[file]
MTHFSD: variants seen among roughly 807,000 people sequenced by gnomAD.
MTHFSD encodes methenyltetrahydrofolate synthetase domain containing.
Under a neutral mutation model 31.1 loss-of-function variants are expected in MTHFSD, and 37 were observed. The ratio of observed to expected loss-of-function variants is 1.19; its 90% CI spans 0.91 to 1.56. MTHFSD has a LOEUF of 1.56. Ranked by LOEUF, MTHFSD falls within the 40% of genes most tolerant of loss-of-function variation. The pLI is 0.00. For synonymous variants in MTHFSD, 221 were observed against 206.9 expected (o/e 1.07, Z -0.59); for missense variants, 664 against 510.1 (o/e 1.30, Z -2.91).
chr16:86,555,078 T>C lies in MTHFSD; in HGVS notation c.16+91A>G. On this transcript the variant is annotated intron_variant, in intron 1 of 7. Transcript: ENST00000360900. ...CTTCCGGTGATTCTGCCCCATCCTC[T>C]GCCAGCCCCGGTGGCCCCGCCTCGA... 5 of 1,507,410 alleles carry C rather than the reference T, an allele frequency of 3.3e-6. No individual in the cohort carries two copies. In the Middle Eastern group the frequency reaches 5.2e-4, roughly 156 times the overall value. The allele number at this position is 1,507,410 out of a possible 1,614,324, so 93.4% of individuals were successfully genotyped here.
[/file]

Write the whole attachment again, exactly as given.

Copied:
MTHFSD: variants seen among roughly 807,000 people sequenced by gnomAD.
MTHFSD encodes methenyltetrahydrofolate synthetase domain containing.
Under a neutral mutation model 31.1 loss-of-function variants are expected in MTHFSD, and 37 were observed. The ratio of observed to expected loss-of-function variants is 1.19; its 90% CI spans 0.91 to 1.56. MTHFSD has a LOEUF of 1.56. Ranked by LOEUF, MTHFSD falls within the 40% of genes most tolerant of loss-of-function variation. The pLI is 0.00. For synonymous variants in MTHFSD, 221 were observed against 206.9 expected (o/e 1.07, Z -0.59); for missense variants, 664 against 510.1 (o/e 1.30, Z -2.91).
chr16:86,555,078 T>C lies in MTHFSD; in HGVS notation c.16+91A>G. On this transcript the variant is annotated intron_variant, in intron 1 of 7. Transcript: ENST00000360900. ...CTTCCGGTGATTCTGCCCCATCCTC[T>C]GCCAGCCCCGGTGGCCCCGCCTCGA... 5 of 1,507,410 alleles carry C rather than the reference T, an allele frequency of 3.3e-6. No individual in the cohort carries two copies. In the Middle Eastern group the frequency reaches 5.2e-4, roughly 156 times the overall value. The allele number at this position is 1,507,410 out of a possible 1,614,324, so 93.4% of individuals were successfully genotyped here.